Establishing pipeline failure frequencies enables designers and operators to make informed decisions on the allocation of resources to address different threats. Normally, this would involve the selection and timing of inspection, monitoring and protection activities. Typically, failure frequencies are defined based on the collection of historical statistics. This is difficult for geohazards due to the comparatively low incident rate compared to other hazards, however the consequences tend to be catastrophic. As a result, significant uncertainties are attached to predicted failure frequencies for geohazards.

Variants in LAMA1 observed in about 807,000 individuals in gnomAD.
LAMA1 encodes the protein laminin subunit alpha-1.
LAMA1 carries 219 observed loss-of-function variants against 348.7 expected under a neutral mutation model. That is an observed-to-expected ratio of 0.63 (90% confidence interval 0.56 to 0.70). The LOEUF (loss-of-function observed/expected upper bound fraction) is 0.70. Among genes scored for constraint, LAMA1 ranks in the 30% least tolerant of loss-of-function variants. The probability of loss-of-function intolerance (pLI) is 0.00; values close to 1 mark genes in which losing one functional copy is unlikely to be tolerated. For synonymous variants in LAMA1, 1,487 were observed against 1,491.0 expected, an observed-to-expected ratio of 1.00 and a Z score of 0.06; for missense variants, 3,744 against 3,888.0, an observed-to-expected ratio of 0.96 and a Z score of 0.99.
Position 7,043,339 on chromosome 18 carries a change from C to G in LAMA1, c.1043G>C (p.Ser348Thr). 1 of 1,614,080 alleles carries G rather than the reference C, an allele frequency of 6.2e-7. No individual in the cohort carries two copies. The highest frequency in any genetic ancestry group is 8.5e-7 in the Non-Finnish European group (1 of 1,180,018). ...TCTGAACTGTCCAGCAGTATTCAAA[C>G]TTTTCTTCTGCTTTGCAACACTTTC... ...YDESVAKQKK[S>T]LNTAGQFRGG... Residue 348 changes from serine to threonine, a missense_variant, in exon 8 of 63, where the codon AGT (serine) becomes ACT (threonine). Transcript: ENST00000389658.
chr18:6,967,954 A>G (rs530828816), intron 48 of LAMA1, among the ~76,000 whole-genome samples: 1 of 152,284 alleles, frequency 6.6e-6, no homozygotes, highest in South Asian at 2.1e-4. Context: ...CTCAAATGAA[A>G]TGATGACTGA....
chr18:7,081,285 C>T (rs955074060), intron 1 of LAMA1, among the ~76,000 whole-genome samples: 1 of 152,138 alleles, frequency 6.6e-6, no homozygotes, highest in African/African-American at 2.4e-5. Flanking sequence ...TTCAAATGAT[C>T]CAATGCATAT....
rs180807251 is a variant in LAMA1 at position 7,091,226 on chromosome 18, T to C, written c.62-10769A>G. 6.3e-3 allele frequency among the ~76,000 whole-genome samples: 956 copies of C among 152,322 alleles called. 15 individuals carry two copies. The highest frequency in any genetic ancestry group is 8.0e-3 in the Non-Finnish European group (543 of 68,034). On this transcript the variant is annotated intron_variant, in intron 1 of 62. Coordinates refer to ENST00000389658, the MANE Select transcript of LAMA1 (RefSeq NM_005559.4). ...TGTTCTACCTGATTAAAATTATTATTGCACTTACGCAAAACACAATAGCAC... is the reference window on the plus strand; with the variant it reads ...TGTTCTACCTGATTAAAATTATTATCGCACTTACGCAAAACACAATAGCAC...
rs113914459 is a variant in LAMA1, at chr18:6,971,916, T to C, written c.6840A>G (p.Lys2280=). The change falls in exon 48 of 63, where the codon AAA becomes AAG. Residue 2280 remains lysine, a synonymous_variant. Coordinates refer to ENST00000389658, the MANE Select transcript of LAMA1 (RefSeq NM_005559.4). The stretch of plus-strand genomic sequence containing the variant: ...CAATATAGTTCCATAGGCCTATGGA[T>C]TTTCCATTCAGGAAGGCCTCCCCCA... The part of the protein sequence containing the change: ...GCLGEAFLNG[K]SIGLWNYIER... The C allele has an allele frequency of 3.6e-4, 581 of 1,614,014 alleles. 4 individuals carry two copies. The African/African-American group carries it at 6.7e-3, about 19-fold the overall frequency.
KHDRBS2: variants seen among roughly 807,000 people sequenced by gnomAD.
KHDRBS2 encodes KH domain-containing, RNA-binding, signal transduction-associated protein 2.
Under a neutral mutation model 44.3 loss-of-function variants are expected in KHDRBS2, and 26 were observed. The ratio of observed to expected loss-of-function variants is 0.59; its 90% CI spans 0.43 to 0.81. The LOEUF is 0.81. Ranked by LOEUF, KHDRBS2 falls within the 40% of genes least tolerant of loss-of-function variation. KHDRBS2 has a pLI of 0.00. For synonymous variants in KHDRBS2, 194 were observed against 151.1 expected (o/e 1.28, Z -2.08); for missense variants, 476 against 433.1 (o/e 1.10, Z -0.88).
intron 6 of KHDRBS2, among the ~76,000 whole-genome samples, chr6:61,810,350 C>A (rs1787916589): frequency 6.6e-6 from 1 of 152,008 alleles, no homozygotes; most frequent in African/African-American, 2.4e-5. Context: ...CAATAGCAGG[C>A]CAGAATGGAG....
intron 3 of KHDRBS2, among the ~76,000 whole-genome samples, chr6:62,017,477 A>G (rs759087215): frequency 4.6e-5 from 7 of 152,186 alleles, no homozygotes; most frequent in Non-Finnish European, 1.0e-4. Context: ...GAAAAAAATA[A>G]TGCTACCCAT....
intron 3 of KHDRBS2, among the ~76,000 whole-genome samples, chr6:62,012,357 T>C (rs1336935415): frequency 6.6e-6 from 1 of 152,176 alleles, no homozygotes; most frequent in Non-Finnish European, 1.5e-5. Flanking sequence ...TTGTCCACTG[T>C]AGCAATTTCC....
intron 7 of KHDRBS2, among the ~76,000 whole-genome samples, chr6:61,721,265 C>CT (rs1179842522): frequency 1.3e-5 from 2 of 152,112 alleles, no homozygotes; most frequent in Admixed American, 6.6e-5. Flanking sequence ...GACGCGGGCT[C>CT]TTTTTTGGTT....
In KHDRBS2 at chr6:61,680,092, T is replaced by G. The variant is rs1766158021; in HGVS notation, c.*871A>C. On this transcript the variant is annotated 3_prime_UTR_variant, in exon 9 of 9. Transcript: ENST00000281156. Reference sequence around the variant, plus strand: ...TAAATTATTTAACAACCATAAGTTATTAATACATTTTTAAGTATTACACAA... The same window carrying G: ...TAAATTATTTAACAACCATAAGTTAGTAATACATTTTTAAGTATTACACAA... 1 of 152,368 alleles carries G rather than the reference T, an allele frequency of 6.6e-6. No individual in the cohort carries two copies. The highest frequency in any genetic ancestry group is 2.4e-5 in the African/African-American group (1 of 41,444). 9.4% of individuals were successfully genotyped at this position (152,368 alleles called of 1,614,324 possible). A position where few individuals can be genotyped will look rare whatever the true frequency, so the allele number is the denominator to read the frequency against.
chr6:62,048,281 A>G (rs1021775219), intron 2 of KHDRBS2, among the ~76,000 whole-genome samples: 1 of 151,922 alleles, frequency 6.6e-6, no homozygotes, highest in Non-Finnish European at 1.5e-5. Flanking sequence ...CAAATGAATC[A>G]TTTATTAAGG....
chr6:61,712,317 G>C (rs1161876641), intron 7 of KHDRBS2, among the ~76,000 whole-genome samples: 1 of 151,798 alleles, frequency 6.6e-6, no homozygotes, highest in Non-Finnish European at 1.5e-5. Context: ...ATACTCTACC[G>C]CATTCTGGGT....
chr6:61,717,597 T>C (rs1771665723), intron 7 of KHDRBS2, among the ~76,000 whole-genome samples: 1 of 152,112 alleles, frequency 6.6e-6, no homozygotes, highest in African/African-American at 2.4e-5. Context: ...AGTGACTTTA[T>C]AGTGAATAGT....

Two principal areas of uncertainty cover the occurrence and nature of loading events and whether the pipeline will survive the loading. This paper addresses both of these key aspects. The occurrence and nature of loading can be determined from the examination of in-line inspection records through different terrains. The pipeline survival rate is based on the efficient execution of multiple analysis runs within a finite element code where the distributions of the key input variables are defined to cover either observed or potential variation in the field. These include landslide size, orientation, movement and soil stiffness values as well as considerations of tensile fracture limits. The calculation of the probability of pipeline failure due to landslide loading is illustrated using a case study.

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